Schools should adopt an African-centred approach to Black history in their curricula, one that is rooted in the community and social justice.

Canadian public schools demonstrate varying degrees of engagement with Black History Month, which has been celebrated in Canada since 1976. Some have assemblies with guest speakers and artistic performances, but the ubiquitous Black History Month bulletin board remains a staple means of “celebration” in our schools. The board, which is summarily replaced at the end of the month in favour of a new event, features achievements by prominent Black Canadians – but they’re often the same ones displayed annually.

This misguided pedagogical approach reinforces the idea that Black history is peripheral to the school curriculum. An African-centred approach to teaching Black History would help students critically challenge dominant narratives about the history of Black Canadians, in a transformative way that extends beyond the 28 days in February.

What is an African-centred approach to Black History?

There are two main purposes for celebrating Black History Month, and both are related to combating anti-Black racism in our public education systems. One is to disseminate positive images of Black achievement to counter negative stereotypes about Black Canadians. The second is to counter the overwhelmingly Eurocentric curriculum that rarely includes the work of Black writers, scientists, artists or scholars. Some organizations do take this two-pronged approach, such as the Africentric Alternative School in Toronto and the Elementary Teachers Federation of Ontario, which developed a project called the 365 Black Canadian Curriculum to celebrate Black History Month all year round. But most schools have yet to develop curricula that fully integrates the historical and scholarly contributions of Black Canadians.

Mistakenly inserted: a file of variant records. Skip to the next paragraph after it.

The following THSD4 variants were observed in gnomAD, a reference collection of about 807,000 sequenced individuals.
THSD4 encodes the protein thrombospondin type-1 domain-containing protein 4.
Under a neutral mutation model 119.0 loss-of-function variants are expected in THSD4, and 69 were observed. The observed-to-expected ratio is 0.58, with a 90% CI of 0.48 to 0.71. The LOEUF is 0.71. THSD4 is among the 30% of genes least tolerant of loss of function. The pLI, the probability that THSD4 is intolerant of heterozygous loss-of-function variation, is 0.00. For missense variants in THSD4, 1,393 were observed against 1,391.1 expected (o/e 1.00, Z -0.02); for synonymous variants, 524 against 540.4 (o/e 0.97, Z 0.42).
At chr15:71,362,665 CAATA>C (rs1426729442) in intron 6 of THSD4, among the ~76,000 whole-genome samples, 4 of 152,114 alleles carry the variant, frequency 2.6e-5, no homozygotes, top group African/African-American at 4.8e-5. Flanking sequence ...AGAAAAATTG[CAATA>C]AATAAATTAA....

Black history is too often taught from a Eurocentric perspective that valorizes individual achievement in the face of societal barriers, but fails to adequately examine how historical figures may have impacted their communities.

According to Temple University professor Molefi Asante in his 1980 book Afrocentricity: The Theory of Social Change, African-centred approaches require us to place the interests and concerns of people of African descent at the forefront, and to centre their stories, whether they’re in the form of books, films or visual art. In contrast to a Eurocentric model, an African-centred model emphasizes community instead of individualism. For example, Black history is too often taught from a Eurocentric perspective that valorizes individual achievement in the face of societal barriers, but fails to adequately examine how historical figures may have impacted their communities.

African-centred approaches avoid essentializing the Black experience. In her well-known TED talk, “The Danger of the Single Story,” Nigerian writer Chimamanda Ngozi Adichie cautions against the tendency to view people of African descent from the perspective of the dominant European culture without considering the multiple dimensions of their identities. The existence of anti-Black racism in Canadian education systems speaks to the fact that many educators are still biased against Black students and hold stereotypes about them.

Asante also contends that African-centred approaches work towards social justice-oriented outcomes, which educators can foster by assigning Black history projects that involve direct actions to reduce racial inequality.

Why is an African-centred approach to the teaching of Black history valuable?

Not only does an African-centred approach to teaching Black history in Canada challenge dominant narratives about Black Canadians, it enables students to make connections between historical and current issues. Dalhousie University professor and historian Afua Cooper has argued that Canada’s history of slavery has been minimized or erased in Canadian textbooks that focus on chattel slavery as primarily an American phenomenon. Slavery was introduced in New France in the 1600s and was only abolished in 1834 with the Slavery Abolition Act.